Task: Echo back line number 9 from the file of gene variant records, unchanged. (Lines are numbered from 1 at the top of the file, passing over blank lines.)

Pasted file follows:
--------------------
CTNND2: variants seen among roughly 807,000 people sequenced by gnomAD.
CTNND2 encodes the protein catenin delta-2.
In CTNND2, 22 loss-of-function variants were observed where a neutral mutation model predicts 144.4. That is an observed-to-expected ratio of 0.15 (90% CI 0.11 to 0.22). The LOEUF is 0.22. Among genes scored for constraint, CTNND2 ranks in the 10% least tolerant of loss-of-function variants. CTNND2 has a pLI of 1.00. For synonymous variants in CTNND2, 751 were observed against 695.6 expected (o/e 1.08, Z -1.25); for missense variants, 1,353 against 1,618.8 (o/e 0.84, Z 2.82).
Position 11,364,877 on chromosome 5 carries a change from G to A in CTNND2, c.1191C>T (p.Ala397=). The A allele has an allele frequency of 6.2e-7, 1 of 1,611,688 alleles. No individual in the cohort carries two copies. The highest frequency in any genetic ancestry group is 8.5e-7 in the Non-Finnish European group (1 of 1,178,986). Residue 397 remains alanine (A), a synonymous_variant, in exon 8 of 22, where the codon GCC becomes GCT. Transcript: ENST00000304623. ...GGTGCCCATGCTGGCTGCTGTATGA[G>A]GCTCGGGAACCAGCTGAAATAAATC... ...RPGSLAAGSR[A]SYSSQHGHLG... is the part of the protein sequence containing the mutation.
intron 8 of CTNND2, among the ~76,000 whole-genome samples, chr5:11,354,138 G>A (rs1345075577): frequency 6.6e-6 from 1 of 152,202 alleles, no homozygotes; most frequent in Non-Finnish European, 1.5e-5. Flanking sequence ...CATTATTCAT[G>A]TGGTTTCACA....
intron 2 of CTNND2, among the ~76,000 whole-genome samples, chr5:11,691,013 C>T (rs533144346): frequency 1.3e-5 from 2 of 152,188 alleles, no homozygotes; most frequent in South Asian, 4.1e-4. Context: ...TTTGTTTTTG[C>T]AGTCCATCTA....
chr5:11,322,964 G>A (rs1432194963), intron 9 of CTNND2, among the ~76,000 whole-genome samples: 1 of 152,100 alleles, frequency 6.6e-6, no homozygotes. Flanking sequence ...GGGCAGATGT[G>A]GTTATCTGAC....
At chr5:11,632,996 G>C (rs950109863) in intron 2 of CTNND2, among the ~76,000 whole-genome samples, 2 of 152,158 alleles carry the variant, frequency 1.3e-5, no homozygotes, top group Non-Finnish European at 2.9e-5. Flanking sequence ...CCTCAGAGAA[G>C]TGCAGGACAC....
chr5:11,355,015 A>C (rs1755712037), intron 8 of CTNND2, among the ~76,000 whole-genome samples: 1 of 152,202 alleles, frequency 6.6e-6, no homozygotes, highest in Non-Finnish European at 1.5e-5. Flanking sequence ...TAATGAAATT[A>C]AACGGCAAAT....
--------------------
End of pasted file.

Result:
chr5:11,355,015 A>C (rs1755712037), intron 8 of CTNND2, among the ~76,000 whole-genome samples: 1 of 152,202 alleles, frequency 6.6e-6, no homozygotes, highest in Non-Finnish European at 1.5e-5. Flanking sequence ...TAATGAAATT[A>C]AACGGCAAAT....